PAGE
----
How does it feel if you are a survivor of abuse?

29 - Jan - 2024

Being a survivor of abuse is one of the most traumatic experiences a person can go through. The effects of abuse can be long-lasting, leaving deep emotional and psychological scars that can take years, if not decades, to heal. Survivors of abuse often feel trapped, helpless, and alone, struggling to cope with the trauma they have been subjected to.

The lived experience of being a survivor of abuse is a complex and individual process. For some, the abuse may have been physical, leaving visible scars and causing ongoing physical pain, others may have experienced emotional abuse, which can be just as devastating and then sexual abuse. Of course survivors may have experienced a mix of abuses. Abuse often goes unnoticed or even more damagingly, be dismissed by friends, family members and those around the survivor. Regardless of the type of abuse, the experience is deeply traumatic and can have a profound impact on the survivor's sense of self-worth, self-esteem, and mental health.

One of the most immediate effects of abuse is a loss of control. As a survivor of abuse, you feel like your life is no longer your own. Your abuser has taken away your agency, and you are powerless to stop them. This loss of control can cause intense feelings of anxiety, helplessness, and frustration. Survivors of abuse often feel trapped in their situations, unable to escape the abuse they are experiencing.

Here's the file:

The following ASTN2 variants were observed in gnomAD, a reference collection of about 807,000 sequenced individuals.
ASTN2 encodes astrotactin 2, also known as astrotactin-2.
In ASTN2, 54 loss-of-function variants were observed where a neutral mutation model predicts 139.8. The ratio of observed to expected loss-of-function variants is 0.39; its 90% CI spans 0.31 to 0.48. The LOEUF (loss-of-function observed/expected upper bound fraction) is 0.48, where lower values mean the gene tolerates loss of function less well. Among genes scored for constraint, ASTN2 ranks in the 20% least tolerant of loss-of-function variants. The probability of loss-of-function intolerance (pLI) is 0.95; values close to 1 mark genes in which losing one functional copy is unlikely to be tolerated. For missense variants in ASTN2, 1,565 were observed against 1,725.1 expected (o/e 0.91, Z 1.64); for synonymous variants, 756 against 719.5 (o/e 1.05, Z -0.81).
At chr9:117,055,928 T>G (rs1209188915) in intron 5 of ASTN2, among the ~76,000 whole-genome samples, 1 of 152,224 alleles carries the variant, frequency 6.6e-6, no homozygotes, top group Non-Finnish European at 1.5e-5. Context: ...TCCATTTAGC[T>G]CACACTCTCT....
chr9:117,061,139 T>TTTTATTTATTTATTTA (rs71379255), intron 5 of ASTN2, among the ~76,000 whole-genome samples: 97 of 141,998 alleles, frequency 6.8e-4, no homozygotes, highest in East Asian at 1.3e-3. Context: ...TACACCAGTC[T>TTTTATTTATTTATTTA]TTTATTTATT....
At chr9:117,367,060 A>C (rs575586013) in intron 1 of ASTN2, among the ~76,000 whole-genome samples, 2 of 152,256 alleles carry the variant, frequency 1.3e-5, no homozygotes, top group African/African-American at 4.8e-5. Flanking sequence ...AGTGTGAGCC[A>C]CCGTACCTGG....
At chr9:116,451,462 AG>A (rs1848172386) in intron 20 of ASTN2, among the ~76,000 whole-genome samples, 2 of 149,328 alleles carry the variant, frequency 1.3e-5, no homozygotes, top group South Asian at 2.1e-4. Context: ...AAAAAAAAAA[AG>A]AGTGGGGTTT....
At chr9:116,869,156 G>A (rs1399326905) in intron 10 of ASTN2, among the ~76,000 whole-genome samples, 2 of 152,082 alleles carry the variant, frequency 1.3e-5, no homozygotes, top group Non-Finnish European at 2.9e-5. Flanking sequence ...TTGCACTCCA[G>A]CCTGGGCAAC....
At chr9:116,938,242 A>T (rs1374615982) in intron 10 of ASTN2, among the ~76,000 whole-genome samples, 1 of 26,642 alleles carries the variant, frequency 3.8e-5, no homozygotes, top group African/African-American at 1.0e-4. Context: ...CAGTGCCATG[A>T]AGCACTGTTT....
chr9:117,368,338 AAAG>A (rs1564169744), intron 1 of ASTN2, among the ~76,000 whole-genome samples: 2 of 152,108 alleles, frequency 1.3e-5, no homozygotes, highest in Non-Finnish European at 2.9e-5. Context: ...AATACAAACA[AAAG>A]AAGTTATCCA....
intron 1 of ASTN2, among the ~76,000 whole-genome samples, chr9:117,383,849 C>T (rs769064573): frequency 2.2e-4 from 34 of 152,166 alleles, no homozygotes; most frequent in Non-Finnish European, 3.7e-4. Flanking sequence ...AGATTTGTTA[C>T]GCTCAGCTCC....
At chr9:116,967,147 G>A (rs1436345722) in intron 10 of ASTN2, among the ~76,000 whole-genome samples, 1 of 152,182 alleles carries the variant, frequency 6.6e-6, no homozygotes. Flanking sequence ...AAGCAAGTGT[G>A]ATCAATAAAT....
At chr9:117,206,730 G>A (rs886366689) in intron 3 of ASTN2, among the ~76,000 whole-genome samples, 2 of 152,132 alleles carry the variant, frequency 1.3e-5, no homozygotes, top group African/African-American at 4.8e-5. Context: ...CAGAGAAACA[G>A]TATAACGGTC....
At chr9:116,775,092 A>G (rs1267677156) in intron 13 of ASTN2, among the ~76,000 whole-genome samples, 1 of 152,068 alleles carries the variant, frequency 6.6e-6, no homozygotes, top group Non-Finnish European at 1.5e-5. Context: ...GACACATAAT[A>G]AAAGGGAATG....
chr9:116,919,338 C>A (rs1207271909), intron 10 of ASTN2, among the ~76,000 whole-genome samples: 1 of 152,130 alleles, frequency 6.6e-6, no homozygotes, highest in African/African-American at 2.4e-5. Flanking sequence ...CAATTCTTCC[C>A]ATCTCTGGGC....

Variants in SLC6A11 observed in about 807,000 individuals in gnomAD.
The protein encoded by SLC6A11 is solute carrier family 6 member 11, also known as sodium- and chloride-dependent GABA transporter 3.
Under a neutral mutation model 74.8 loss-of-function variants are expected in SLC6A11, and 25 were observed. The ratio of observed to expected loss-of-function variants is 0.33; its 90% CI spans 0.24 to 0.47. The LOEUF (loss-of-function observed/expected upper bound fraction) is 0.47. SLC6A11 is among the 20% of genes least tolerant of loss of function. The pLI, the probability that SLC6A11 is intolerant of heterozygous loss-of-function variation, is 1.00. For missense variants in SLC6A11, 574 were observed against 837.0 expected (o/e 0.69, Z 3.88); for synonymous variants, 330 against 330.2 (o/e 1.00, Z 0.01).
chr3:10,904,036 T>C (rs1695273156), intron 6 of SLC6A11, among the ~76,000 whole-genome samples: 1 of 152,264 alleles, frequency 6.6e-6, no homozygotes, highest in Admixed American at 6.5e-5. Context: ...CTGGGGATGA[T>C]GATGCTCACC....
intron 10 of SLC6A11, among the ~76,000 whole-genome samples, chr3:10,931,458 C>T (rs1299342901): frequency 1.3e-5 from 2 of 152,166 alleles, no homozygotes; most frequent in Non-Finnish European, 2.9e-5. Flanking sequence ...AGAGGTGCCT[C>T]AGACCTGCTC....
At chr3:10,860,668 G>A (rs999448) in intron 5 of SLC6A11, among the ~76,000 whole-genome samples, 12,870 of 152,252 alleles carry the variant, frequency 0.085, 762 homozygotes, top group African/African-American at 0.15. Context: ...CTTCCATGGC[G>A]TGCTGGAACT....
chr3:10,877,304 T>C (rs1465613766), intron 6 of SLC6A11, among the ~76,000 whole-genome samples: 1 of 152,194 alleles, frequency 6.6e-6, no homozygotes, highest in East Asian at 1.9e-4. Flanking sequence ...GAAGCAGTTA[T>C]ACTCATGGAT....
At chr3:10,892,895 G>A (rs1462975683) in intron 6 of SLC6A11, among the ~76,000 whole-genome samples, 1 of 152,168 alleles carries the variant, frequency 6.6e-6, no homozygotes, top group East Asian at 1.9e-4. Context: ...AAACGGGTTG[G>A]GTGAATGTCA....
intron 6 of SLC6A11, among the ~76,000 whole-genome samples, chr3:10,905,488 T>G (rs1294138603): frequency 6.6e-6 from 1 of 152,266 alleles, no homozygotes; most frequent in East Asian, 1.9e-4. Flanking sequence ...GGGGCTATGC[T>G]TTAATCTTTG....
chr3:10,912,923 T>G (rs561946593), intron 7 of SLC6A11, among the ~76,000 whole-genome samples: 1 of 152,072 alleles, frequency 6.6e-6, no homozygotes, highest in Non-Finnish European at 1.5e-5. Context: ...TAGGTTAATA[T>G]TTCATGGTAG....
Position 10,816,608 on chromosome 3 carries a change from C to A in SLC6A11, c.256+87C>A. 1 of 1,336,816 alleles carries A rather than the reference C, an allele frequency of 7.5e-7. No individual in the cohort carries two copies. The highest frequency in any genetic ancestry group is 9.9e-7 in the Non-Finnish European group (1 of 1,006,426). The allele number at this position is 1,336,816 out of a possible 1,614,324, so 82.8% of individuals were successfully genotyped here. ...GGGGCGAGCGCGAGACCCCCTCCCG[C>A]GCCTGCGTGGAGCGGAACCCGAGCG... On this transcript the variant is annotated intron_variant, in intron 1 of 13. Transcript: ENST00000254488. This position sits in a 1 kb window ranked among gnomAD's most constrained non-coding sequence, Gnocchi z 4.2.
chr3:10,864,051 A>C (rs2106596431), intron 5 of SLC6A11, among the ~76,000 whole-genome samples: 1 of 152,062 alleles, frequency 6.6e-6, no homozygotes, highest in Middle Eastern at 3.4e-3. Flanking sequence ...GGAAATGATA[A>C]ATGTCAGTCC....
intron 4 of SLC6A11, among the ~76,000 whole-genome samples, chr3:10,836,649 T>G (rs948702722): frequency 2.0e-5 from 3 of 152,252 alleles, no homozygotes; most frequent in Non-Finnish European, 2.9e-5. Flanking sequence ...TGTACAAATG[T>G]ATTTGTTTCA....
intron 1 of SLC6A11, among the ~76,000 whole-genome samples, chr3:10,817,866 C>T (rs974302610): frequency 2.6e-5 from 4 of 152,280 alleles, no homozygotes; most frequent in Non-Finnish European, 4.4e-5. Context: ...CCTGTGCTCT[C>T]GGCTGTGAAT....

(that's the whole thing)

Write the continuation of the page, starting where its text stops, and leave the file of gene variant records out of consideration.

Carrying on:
Another common experience for survivors of abuse is a sense of isolation. Abuse is often kept hidden, and survivors may not know how to get help and feelings of shame, confusion or embarrassment about what is happening to them can also prevent the survivor breaking the cycle of abuse and trauma. This can lead to a reluctance to talk about the abuse, even to close friends or family members. Survivors may also feel like no one understands what they are going through, leading to a sense of loneliness and isolation.

The effects of abuse can also be felt in a person's relationships. Many survivors of abuse struggle to form relationships, both romantic and platonic. This can be due to a lack of trust in others, fear of being hurt again, and difficulty opening up emotionally. Survivors of abuse may also struggle with codependency, finding themselves drawn to partners or friends who are abusive or controlling themselves.

In addition to these emotional and psychological effects, abuse can also have physical consequences. Many survivors of abuse suffer from chronic pain or physical health problems as a result of the abuse they have experienced. Physical abuse can cause broken bones, internal injuries, and other health issues that require ongoing medical attention.

The effects of abuse can also be felt in a person's work or school life. Survivors of abuse may struggle with concentration and memory, making it difficult to perform at school or work.

For more information on therapy services for abuse: